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Phantom of Chinatown

Phantom of Chinatown
Movie: Phantom of Chinatown(1941)[tt0032903] In the middle of a pictorial lecture on his recent expedition to the Mongolian Desert, Dr. John Benton the famous explorer, drinks from the water bottle on his lecture table, collapses and dies. His last words "Eternal Fire" are the only clue Chinese detective Jimmy Wong and Captain Street of the police department have to work on. Win Lee, Benton's secretary, reveals the doctor's dying words refer to a scroll which tells the location of rich oil deposits. Wong and Street then begin the search for the killer among Benton's associates. Written byLes Adams <longhorn1939@suddenlink.net>
Title Phantom of Chinatown
Release Date 18 August 1941 (UK)
Runtime
Genres Action, Crime, Drama, Mystery, Romance
Production Companies Monogram Pictures
Keye Luke
Keye Luke...
James Lee 'Jimmy' Wong...
Lotus Long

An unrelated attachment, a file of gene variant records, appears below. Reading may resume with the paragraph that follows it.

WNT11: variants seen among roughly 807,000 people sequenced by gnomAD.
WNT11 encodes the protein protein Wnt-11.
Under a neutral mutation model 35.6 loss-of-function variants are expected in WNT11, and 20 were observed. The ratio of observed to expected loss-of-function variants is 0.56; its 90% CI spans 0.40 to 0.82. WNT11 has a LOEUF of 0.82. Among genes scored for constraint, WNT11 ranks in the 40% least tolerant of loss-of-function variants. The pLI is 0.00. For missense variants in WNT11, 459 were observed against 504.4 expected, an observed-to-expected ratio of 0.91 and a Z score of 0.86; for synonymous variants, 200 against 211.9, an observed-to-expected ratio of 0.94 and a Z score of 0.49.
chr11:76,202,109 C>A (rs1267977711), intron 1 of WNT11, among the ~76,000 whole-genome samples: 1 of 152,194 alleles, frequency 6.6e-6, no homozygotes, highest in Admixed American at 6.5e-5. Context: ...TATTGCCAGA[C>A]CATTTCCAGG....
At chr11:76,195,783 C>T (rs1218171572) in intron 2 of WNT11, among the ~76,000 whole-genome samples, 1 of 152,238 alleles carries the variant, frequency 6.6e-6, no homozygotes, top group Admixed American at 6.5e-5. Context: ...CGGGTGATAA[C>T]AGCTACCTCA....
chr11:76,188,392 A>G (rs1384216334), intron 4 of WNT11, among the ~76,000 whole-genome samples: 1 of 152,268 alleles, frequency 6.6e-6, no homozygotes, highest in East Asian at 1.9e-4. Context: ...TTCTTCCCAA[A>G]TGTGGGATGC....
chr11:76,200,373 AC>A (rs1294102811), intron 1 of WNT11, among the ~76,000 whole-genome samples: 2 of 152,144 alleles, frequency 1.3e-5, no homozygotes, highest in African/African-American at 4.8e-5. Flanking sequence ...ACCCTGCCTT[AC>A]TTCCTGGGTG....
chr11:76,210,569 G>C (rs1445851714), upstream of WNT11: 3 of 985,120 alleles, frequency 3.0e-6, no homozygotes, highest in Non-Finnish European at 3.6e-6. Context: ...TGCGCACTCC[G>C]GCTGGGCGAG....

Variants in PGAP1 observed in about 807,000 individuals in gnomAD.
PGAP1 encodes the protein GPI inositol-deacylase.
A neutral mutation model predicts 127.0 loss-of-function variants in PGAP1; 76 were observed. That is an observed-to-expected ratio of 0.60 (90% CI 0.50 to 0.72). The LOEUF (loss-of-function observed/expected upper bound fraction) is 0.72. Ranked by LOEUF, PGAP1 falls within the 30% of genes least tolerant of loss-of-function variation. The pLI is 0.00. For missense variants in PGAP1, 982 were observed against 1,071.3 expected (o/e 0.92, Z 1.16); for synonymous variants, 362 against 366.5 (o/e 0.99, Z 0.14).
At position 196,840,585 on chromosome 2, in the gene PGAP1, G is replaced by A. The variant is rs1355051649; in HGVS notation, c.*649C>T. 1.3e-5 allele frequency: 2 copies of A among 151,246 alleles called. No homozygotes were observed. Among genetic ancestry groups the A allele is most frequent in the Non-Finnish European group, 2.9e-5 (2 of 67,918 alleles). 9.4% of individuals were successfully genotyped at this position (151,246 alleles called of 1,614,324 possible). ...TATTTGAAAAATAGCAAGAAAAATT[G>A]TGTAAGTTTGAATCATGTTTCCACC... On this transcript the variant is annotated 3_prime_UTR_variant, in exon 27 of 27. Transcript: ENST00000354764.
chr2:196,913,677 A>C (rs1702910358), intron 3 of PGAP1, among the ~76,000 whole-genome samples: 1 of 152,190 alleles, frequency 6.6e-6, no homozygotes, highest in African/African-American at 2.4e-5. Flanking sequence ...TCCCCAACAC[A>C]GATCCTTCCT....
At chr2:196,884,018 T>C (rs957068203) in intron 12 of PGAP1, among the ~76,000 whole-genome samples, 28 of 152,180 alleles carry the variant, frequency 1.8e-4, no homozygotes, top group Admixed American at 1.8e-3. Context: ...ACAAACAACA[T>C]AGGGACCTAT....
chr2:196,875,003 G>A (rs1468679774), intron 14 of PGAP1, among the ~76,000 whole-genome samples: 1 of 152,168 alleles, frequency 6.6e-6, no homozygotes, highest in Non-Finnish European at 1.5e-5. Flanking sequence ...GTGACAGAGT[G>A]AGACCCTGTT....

Lotus Long...
Win Len...
Grant Withers
Grant Withers...
Police Captain Street...
Huntley Gordon
Huntley Gordon...
Dr. Norman Wilkes...
John Dilson
John Dilson...
Charlie Frasier ...
Paul McVey
Paul McVey...
Detective Grady...
John Holland
John Holland...
Mason...
Robert Kellard
Robert Kellard...
Tommy Dean...
Willy Castello
Willy Castello...
Jonas (as Willia...

Reviews

catherine-71 on 10 October 2006
No offense to Boris Karloff, who had previously played Mr. Wong, but this film shows how an "oriental" action-thriller can be improved by casting a gifted Chinese actor in the role. Keye Luke is handsome, charming, dashing, brave, clever, and just downright sexy as James Lee Wong, and he meets his perfect match in Lotus Long, the mysterious Chinese secretary of a famous Anglo-American archaeologist. The ending, which would have featured some romance between Luke and Long had they both been Caucasians, is still satisfying, as Luke shows his feelings for Long with his eyes and smile. Lee Tung Foo also deserves mention in a fun turn as Wong's servant. Of the many oriental-exploitation films of the era, this is perhaps the best, featuring some fine Asian art objects, superb set decoration, social commentary about Westerm archaeological appropriation of cultural treasures, unusual documentary footage of an expedition to Mongolia, and real Chinese people playing Chinese people. It's by no means an "A" picture, and seeing the star-god Shou depicted as a "god of vengeance" is silly, but "Phantom of Chinatown" deserves a better reputation than others of its ilk.

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